"When you're out there on the field going through the battle and the war, to know that everyone feels the same way and is on the same page, it's exhilarating. And if that sounds like a (moral victory), then that's what I'm feeling because I'm really excited about what we can do against Miami (in their next game Oct. 26)."
Wannstedt had three particularly critical decisions to make Sunday and came away 1 for 3.
He set the tone on the first possession of the third quarter when he elected to go for it on fourth and 1 from the Bears' 37-yard line--a move that paid off initially with a first down on a Kramer keeper and eventually in a touchdown on a 3-yard quarterback draw. It gave the Bears a 17-14 lead.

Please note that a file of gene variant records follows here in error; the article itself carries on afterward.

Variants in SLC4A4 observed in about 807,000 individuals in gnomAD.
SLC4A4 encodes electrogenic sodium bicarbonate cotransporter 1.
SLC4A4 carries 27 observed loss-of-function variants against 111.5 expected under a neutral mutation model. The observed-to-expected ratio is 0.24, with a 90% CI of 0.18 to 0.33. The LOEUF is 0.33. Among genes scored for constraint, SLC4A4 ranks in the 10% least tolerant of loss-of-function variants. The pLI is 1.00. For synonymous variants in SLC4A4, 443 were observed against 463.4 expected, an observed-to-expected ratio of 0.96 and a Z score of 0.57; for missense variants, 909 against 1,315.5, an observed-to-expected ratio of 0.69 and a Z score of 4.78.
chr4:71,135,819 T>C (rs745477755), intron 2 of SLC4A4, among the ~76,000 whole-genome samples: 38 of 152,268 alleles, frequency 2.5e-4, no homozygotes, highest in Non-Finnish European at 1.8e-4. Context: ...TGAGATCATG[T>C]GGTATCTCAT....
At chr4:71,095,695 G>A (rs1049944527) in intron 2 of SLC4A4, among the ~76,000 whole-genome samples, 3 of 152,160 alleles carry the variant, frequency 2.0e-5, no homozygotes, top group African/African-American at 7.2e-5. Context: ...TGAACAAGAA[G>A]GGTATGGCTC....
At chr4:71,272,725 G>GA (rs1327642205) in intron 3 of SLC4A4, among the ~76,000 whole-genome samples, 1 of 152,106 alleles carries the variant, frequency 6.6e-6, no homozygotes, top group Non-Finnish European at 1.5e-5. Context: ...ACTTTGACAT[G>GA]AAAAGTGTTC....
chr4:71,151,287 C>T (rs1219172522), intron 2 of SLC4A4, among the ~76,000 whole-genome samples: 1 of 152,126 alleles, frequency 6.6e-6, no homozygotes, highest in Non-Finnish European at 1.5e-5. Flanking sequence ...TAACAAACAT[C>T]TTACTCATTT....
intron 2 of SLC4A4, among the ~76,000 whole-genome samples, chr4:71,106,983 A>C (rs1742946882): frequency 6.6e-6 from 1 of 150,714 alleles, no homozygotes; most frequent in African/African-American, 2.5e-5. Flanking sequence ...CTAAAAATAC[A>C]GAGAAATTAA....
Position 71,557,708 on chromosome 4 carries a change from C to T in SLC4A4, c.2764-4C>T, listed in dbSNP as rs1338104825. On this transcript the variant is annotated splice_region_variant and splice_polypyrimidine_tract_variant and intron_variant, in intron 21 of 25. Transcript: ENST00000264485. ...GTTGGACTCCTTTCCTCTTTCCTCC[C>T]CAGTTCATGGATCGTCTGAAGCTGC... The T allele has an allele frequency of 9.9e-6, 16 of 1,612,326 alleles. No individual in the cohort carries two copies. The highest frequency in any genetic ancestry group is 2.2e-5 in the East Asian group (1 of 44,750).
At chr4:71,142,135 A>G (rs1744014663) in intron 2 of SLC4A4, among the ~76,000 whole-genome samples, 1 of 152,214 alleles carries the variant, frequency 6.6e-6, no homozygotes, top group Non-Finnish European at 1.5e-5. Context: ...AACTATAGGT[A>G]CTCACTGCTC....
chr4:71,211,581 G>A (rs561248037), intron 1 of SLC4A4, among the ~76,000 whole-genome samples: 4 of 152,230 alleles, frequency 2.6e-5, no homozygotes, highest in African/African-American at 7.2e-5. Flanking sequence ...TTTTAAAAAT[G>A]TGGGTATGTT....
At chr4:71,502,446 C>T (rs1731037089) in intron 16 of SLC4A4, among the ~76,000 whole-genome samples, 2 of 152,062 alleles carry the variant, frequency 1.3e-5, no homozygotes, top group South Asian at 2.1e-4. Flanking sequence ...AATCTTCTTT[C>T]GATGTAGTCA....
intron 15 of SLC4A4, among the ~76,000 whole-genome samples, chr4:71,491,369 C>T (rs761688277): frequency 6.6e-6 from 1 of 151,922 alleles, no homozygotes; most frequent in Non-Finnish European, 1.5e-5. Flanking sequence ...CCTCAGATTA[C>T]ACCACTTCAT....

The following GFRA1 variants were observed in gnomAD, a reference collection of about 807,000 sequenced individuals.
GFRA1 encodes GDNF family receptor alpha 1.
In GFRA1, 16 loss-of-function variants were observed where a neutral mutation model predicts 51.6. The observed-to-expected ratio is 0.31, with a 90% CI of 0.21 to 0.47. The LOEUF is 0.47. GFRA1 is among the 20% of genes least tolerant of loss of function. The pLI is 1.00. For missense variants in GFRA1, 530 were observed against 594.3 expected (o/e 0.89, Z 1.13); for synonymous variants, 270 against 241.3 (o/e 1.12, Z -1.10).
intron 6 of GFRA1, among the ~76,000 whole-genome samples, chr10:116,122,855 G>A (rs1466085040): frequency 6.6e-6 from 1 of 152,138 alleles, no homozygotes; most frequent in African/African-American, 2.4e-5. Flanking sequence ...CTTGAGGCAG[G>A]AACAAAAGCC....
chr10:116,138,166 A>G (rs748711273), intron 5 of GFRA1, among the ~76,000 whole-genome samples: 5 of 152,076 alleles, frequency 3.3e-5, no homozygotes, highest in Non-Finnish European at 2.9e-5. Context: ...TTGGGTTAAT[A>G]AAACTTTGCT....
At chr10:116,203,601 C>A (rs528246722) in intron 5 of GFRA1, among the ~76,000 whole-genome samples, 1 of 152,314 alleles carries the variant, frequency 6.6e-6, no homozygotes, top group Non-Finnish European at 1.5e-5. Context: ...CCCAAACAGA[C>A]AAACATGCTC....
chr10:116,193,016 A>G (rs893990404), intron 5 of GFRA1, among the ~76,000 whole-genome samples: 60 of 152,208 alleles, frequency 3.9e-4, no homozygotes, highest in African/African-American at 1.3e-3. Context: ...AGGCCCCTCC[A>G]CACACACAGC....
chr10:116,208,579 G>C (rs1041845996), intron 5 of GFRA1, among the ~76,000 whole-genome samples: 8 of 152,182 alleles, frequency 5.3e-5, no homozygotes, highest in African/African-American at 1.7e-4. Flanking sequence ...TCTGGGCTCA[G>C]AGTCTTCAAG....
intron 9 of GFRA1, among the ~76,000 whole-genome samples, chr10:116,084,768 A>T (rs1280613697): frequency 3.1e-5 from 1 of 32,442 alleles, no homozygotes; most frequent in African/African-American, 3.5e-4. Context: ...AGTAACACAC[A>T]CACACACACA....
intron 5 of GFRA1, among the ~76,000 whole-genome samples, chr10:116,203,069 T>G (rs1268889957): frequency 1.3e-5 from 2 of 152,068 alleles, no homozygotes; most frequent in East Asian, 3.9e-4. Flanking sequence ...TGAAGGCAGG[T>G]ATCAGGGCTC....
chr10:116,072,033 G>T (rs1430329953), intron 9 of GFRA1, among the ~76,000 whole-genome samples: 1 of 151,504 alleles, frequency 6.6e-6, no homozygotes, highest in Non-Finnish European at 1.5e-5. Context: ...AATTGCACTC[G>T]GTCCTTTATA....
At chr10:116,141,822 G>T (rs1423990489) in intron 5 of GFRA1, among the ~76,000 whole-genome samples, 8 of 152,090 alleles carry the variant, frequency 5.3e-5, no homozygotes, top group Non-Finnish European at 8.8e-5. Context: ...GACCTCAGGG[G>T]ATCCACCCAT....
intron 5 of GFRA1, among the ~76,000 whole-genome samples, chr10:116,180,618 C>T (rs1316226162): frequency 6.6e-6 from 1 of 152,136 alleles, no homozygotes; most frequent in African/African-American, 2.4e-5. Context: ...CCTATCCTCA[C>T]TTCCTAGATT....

But a sneak by Kramer on fourth down at the Packers' 1 early in the fourth quarter was unsuccessful, leaving Green Bay with a 21-17 lead as well as the general feeling that, again, this was not the Bears' day.
"You've got to do that," Wannstedt said afterward, ticking off his reasoning in each situation and giving the same answer for each.
He was just as resolute in his explanation of the two-point attempt after an impressive six-play, 67-yard drive, a call likely to stay with Bears fans long after the Packers stop celebrating their eighth straight victory over their oldest rivals.
"We talked about going for the win and we were down there in that position and it was a play our entire football team was comfortable with," Wannstedt said. "There was no decision. It was something we had worked on and felt good about since the beginning of training camp. It wasn't that they stopped us on the play; we just didn't execute it.